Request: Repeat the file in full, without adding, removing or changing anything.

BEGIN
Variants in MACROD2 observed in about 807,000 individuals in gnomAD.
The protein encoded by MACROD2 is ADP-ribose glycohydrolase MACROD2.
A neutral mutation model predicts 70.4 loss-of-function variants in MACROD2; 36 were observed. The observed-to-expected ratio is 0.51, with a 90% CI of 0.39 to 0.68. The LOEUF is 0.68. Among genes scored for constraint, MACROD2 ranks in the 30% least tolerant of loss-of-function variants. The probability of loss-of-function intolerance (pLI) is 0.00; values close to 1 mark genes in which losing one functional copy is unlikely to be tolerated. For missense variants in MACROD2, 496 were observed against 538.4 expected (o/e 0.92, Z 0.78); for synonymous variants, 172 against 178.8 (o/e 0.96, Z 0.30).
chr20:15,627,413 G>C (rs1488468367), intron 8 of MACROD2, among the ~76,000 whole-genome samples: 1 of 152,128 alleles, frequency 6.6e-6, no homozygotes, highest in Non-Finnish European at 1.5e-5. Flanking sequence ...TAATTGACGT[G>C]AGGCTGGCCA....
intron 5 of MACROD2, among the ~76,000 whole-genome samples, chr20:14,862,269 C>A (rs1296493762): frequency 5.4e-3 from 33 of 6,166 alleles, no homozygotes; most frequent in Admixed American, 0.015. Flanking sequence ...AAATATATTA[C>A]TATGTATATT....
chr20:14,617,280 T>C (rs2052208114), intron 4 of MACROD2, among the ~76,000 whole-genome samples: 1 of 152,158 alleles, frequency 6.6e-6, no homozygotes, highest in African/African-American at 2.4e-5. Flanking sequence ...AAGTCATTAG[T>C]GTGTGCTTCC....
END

Variants in MACROD2 observed in about 807,000 individuals in gnomAD.
The protein encoded by MACROD2 is ADP-ribose glycohydrolase MACROD2.
A neutral mutation model predicts 70.4 loss-of-function variants in MACROD2; 36 were observed. The observed-to-expected ratio is 0.51, with a 90% CI of 0.39 to 0.68. The LOEUF is 0.68. Among genes scored for constraint, MACROD2 ranks in the 30% least tolerant of loss-of-function variants. The probability of loss-of-function intolerance (pLI) is 0.00; values close to 1 mark genes in which losing one functional copy is unlikely to be tolerated. For missense variants in MACROD2, 496 were observed against 538.4 expected (o/e 0.92, Z 0.78); for synonymous variants, 172 against 178.8 (o/e 0.96, Z 0.30).
chr20:15,627,413 G>C (rs1488468367), intron 8 of MACROD2, among the ~76,000 whole-genome samples: 1 of 152,128 alleles, frequency 6.6e-6, no homozygotes, highest in Non-Finnish European at 1.5e-5. Flanking sequence ...TAATTGACGT[G>C]AGGCTGGCCA....
intron 5 of MACROD2, among the ~76,000 whole-genome samples, chr20:14,862,269 C>A (rs1296493762): frequency 5.4e-3 from 33 of 6,166 alleles, no homozygotes; most frequent in Admixed American, 0.015. Flanking sequence ...AAATATATTA[C>A]TATGTATATT....
chr20:14,617,280 T>C (rs2052208114), intron 4 of MACROD2, among the ~76,000 whole-genome samples: 1 of 152,158 alleles, frequency 6.6e-6, no homozygotes, highest in African/African-American at 2.4e-5. Flanking sequence ...AAGTCATTAG[T>C]GTGTGCTTCC....